Conservation of biodiversity is one of the three core objectives of the UN Convention on Biological Diversity (CBD). For this purpose, most countries have legislative frameworks in place for designating areas of land or sea as national parks. There are over 250,000 of these protected areas in the world, each sharing the broad aim to prohibit any human intervention that might alter its natural state.
At the 2010 CBD Conference at Nagoya in Japan, it was agreed to set 2020 targets to increase protected areas to at least 17% of the world’s land area and 10% of the oceans, from the 2010 baseline of 12.7% and 1.6% respectively.
Progress has fallen short of these targets, According to the Protected Planet database, 15.4% of terrestrial and 7.7% of marine areas were protected in early 2021. Particular disappointment stems from the failure to agree a network of sanctuaries in the Antarctic Ocean, despite support of the majority of countries involved in negotiations.
Establishing new targets for protected areas was a task scheduled for the 2020 biennial conference of parties to the CBD, now postponed to 2021. The draft text under consideration includes the goal that protected areas should cover “at least 30% of land and sea areas with at least 10% under strict protection by 2030.” Many environmentalists are unhappy with the new distinction between “protected” and “under strict protection.”
Prospects for the marine target may depend on efforts to overcome the current legal void in the vast area that lies beyond coastal waters under national jurisdiction, about two thirds of the oceans. The UN has instigated negotiations to adopt the framework of an existing treaty, the UN Convention on the Law of the, Sea. Hopes of conclusion in 2020 have been put on hold by Covid-19. Balancing the interests of richer and poorer countries in protecting fish stocks will not be straightforward.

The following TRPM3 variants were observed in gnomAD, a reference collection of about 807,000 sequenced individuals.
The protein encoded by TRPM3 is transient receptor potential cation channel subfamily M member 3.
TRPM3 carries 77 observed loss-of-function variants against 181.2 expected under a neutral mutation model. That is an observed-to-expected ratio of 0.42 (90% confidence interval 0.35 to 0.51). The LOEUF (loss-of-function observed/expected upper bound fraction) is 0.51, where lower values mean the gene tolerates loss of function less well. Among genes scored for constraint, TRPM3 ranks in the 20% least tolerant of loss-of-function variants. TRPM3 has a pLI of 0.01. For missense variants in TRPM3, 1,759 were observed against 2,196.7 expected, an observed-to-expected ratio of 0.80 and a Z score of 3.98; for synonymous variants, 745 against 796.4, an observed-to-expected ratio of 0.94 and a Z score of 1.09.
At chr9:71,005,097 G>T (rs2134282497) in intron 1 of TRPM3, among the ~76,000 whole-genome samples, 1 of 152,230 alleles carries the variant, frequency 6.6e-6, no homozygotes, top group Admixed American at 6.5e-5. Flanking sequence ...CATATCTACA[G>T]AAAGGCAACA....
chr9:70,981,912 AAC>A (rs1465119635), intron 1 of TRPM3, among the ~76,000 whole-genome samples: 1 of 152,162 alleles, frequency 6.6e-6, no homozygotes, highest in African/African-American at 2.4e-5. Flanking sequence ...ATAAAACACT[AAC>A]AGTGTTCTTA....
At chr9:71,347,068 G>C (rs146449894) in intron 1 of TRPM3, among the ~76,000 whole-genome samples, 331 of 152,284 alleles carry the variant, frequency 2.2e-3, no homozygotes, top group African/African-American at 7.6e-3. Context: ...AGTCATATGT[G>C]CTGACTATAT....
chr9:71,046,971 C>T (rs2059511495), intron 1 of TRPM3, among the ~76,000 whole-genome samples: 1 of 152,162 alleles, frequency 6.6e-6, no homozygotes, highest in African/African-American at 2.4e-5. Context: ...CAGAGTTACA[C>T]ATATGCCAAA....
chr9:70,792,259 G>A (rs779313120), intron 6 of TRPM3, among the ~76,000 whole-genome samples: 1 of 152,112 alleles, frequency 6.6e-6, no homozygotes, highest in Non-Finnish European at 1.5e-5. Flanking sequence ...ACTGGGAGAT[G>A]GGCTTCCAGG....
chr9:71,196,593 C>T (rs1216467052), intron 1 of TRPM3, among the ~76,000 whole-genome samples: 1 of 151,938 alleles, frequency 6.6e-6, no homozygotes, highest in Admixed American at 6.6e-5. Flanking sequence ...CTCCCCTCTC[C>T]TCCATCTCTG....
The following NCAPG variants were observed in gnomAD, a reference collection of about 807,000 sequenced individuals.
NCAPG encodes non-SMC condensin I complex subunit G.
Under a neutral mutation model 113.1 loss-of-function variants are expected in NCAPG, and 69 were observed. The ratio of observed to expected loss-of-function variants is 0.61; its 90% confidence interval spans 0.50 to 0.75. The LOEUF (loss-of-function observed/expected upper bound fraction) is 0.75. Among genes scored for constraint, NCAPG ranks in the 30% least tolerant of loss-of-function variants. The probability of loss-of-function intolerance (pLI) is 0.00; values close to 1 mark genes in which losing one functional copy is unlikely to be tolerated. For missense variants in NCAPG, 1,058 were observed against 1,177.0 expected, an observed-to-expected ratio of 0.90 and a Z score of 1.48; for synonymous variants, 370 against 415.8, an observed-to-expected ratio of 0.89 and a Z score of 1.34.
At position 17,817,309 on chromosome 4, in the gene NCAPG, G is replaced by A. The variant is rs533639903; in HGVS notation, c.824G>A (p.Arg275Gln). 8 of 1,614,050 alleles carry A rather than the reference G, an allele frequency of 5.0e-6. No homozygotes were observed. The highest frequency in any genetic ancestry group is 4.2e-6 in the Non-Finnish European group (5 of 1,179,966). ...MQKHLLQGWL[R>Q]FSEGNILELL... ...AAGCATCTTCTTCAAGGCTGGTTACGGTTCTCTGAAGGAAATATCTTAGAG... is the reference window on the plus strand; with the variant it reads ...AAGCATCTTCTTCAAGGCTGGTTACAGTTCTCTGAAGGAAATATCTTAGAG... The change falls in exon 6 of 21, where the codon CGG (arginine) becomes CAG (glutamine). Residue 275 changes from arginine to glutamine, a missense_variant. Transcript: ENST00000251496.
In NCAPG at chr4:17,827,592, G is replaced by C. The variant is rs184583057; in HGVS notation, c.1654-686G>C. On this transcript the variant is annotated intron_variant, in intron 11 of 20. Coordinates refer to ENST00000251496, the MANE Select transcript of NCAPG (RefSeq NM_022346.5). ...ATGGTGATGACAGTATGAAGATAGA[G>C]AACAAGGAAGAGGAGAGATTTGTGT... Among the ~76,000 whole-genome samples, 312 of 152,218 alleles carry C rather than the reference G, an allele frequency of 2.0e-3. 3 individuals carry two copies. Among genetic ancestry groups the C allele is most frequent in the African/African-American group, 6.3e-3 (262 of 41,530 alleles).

International reappraisal of such crucial environmental goals is bound to provoke debate about the effectiveness of protected areas. Insatiable demand for natural resources, combined with weak law enforcement, limits capacity to prevent illegal poaching, logging and clearance for agriculture. Such realities prompt debate as to whether the aims of protected areas would be better served by permitting a degree of normal human activity.
A very different branch of conservation of global biodiversity exists in a relatively microscopic dimension. Many national authorities have established seed and gene banks where thousands of varieties are stored as protection against catastrophe. As these repositories are known to be fallible to violent conflict or natural disaster, duplicate specimens are frozen in the “doomsday vault,” the Svalbard Global Seed Vault in northern Norway. The Vault holds more than a million varieties.
more Biodiversity briefings (updated March 2021)
Importance of Biodiversity
Causes of Biodiversity Loss
Climate Change and Biodiversity
Solutions to Biodiversity Loss
Sustainable Development Goals for Biodiversity
Biodiversity Access and Benefit-Sharing
Source Material and Useful Links